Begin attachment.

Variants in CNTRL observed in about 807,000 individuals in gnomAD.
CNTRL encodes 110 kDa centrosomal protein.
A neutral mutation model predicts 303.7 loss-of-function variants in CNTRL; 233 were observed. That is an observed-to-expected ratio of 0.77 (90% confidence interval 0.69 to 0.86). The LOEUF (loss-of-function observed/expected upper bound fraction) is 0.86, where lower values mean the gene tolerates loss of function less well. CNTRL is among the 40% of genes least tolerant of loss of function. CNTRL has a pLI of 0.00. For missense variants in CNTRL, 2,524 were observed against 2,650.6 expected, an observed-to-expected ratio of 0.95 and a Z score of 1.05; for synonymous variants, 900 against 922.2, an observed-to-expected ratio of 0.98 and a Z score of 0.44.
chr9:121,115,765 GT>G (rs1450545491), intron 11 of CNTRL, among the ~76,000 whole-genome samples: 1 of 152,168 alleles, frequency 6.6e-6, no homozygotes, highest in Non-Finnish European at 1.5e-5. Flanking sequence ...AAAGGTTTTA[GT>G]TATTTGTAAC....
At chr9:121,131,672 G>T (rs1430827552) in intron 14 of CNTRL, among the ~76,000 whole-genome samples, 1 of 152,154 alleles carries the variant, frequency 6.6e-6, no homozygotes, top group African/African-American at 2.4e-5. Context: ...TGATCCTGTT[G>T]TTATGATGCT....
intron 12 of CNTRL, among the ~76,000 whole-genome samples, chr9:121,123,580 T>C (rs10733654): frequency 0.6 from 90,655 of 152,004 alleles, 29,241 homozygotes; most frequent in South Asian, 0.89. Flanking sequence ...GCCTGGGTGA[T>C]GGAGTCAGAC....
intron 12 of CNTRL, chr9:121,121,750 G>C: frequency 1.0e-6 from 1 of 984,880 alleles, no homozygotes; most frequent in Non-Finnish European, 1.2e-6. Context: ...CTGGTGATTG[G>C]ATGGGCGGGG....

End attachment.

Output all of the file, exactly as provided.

Variants in CNTRL observed in about 807,000 individuals in gnomAD.
CNTRL encodes 110 kDa centrosomal protein.
A neutral mutation model predicts 303.7 loss-of-function variants in CNTRL; 233 were observed. That is an observed-to-expected ratio of 0.77 (90% confidence interval 0.69 to 0.86). The LOEUF (loss-of-function observed/expected upper bound fraction) is 0.86, where lower values mean the gene tolerates loss of function less well. CNTRL is among the 40% of genes least tolerant of loss of function. CNTRL has a pLI of 0.00. For missense variants in CNTRL, 2,524 were observed against 2,650.6 expected, an observed-to-expected ratio of 0.95 and a Z score of 1.05; for synonymous variants, 900 against 922.2, an observed-to-expected ratio of 0.98 and a Z score of 0.44.
chr9:121,115,765 GT>G (rs1450545491), intron 11 of CNTRL, among the ~76,000 whole-genome samples: 1 of 152,168 alleles, frequency 6.6e-6, no homozygotes, highest in Non-Finnish European at 1.5e-5. Flanking sequence ...AAAGGTTTTA[GT>G]TATTTGTAAC....
At chr9:121,131,672 G>T (rs1430827552) in intron 14 of CNTRL, among the ~76,000 whole-genome samples, 1 of 152,154 alleles carries the variant, frequency 6.6e-6, no homozygotes, top group African/African-American at 2.4e-5. Context: ...TGATCCTGTT[G>T]TTATGATGCT....
intron 12 of CNTRL, among the ~76,000 whole-genome samples, chr9:121,123,580 T>C (rs10733654): frequency 0.6 from 90,655 of 152,004 alleles, 29,241 homozygotes; most frequent in South Asian, 0.89. Flanking sequence ...GCCTGGGTGA[T>C]GGAGTCAGAC....
intron 12 of CNTRL, chr9:121,121,750 G>C: frequency 1.0e-6 from 1 of 984,880 alleles, no homozygotes; most frequent in Non-Finnish European, 1.2e-6. Context: ...CTGGTGATTG[G>C]ATGGGCGGGG....